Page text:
- The Astra’s dimming and bi-color control dials are different sizes so you can more easily tell them apart, but I wish they had printed a more detailed legend on the dials so you'd know where you had set things, precisely.
- At 7 pounds, the Astra is about twice as heavy as my older Litepanel 1×1. Part of that weight gain comes from the light itself, and the other part from the heavier-duty yoke that’s installed on the light.
THE FINAL VERDICT
I developed a lot of affection for the Astra over the two weeks I used it. Its high-powered output, expandability and light-shaping accessories make it the most versatile LED 1×1 I’ve come across. I also appreciate the Astra's street price of $1350, which is appreciably cheaper than Litepanels’ older bi-color unit. It probably won’t take too long for competitors to boost their light output, and they’ll probably be able to undercut the Astra’s price as well. But I’m skeptical that they’ll match the Astra's easy accessory options, DMX expandability, 2 year warranty, and Litepanels’ world-wide support.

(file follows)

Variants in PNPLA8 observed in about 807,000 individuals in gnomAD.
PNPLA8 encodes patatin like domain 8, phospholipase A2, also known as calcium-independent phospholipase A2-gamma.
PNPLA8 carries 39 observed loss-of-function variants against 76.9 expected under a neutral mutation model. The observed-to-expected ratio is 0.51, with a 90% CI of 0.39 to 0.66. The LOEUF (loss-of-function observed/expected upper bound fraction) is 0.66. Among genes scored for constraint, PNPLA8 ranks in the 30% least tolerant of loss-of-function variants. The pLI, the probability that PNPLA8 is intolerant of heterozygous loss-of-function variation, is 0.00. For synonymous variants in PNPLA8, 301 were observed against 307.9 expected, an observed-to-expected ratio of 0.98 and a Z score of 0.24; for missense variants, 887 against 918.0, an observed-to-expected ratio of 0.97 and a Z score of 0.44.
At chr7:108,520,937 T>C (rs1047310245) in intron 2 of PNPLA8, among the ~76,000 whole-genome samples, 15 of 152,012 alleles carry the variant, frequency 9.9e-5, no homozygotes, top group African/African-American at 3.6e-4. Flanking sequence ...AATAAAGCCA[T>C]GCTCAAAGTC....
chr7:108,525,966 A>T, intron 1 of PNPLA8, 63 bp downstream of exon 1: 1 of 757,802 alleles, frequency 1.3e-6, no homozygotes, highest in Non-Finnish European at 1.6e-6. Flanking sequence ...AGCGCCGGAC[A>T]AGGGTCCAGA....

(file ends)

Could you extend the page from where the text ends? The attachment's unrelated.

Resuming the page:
- Very bright by 1×1 panel standards
- Bi-color (tungsten to daylight)
- Good color fidelity
- Add DMX networking at any time
- Good accessories for filtration and light-shaping
- Fairly affordable
- A little heavier and bulkier than your average 1×1 panel
- Accessory options get pricey
Helmut Kobler is a Los Angeles-based DP and cameraman. www.losangelescameraman.com.